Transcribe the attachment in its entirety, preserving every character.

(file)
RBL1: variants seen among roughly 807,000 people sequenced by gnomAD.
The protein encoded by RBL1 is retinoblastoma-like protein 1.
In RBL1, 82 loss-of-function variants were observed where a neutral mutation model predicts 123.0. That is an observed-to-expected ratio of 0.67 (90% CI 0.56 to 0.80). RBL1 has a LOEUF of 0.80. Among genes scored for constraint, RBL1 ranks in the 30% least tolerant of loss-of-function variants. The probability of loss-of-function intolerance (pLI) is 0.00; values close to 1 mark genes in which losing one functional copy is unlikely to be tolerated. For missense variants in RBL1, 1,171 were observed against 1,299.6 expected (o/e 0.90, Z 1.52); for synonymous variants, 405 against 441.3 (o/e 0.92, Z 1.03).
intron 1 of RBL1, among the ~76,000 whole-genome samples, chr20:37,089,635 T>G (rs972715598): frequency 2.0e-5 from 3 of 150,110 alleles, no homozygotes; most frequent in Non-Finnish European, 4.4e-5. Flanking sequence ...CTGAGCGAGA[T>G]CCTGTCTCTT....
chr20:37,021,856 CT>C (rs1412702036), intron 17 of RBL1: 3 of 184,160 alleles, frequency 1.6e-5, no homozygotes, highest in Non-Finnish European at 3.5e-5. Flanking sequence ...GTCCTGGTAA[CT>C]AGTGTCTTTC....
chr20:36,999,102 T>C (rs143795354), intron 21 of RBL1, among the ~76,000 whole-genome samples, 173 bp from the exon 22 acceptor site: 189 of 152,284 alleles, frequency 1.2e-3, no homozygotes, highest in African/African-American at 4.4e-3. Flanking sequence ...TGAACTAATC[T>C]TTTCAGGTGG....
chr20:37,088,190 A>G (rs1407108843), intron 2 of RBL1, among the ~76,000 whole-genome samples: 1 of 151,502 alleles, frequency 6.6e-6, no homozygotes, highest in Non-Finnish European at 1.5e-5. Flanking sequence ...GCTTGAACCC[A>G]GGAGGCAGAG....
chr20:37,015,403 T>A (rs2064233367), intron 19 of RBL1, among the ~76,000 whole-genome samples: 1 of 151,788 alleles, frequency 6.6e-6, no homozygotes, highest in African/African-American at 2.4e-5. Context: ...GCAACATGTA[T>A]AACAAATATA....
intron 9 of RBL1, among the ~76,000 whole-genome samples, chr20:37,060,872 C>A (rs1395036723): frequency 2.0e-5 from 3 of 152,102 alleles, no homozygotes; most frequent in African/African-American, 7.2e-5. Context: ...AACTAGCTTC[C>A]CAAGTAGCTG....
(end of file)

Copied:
RBL1: variants seen among roughly 807,000 people sequenced by gnomAD.
The protein encoded by RBL1 is retinoblastoma-like protein 1.
In RBL1, 82 loss-of-function variants were observed where a neutral mutation model predicts 123.0. That is an observed-to-expected ratio of 0.67 (90% CI 0.56 to 0.80). RBL1 has a LOEUF of 0.80. Among genes scored for constraint, RBL1 ranks in the 30% least tolerant of loss-of-function variants. The probability of loss-of-function intolerance (pLI) is 0.00; values close to 1 mark genes in which losing one functional copy is unlikely to be tolerated. For missense variants in RBL1, 1,171 were observed against 1,299.6 expected (o/e 0.90, Z 1.52); for synonymous variants, 405 against 441.3 (o/e 0.92, Z 1.03).
intron 1 of RBL1, among the ~76,000 whole-genome samples, chr20:37,089,635 T>G (rs972715598): frequency 2.0e-5 from 3 of 150,110 alleles, no homozygotes; most frequent in Non-Finnish European, 4.4e-5. Flanking sequence ...CTGAGCGAGA[T>G]CCTGTCTCTT....
chr20:37,021,856 CT>C (rs1412702036), intron 17 of RBL1: 3 of 184,160 alleles, frequency 1.6e-5, no homozygotes, highest in Non-Finnish European at 3.5e-5. Flanking sequence ...GTCCTGGTAA[CT>C]AGTGTCTTTC....
chr20:36,999,102 T>C (rs143795354), intron 21 of RBL1, among the ~76,000 whole-genome samples, 173 bp from the exon 22 acceptor site: 189 of 152,284 alleles, frequency 1.2e-3, no homozygotes, highest in African/African-American at 4.4e-3. Flanking sequence ...TGAACTAATC[T>C]TTTCAGGTGG....
chr20:37,088,190 A>G (rs1407108843), intron 2 of RBL1, among the ~76,000 whole-genome samples: 1 of 151,502 alleles, frequency 6.6e-6, no homozygotes, highest in Non-Finnish European at 1.5e-5. Flanking sequence ...GCTTGAACCC[A>G]GGAGGCAGAG....
chr20:37,015,403 T>A (rs2064233367), intron 19 of RBL1, among the ~76,000 whole-genome samples: 1 of 151,788 alleles, frequency 6.6e-6, no homozygotes, highest in African/African-American at 2.4e-5. Context: ...GCAACATGTA[T>A]AACAAATATA....
intron 9 of RBL1, among the ~76,000 whole-genome samples, chr20:37,060,872 C>A (rs1395036723): frequency 2.0e-5 from 3 of 152,102 alleles, no homozygotes; most frequent in African/African-American, 7.2e-5. Context: ...AACTAGCTTC[C>A]CAAGTAGCTG....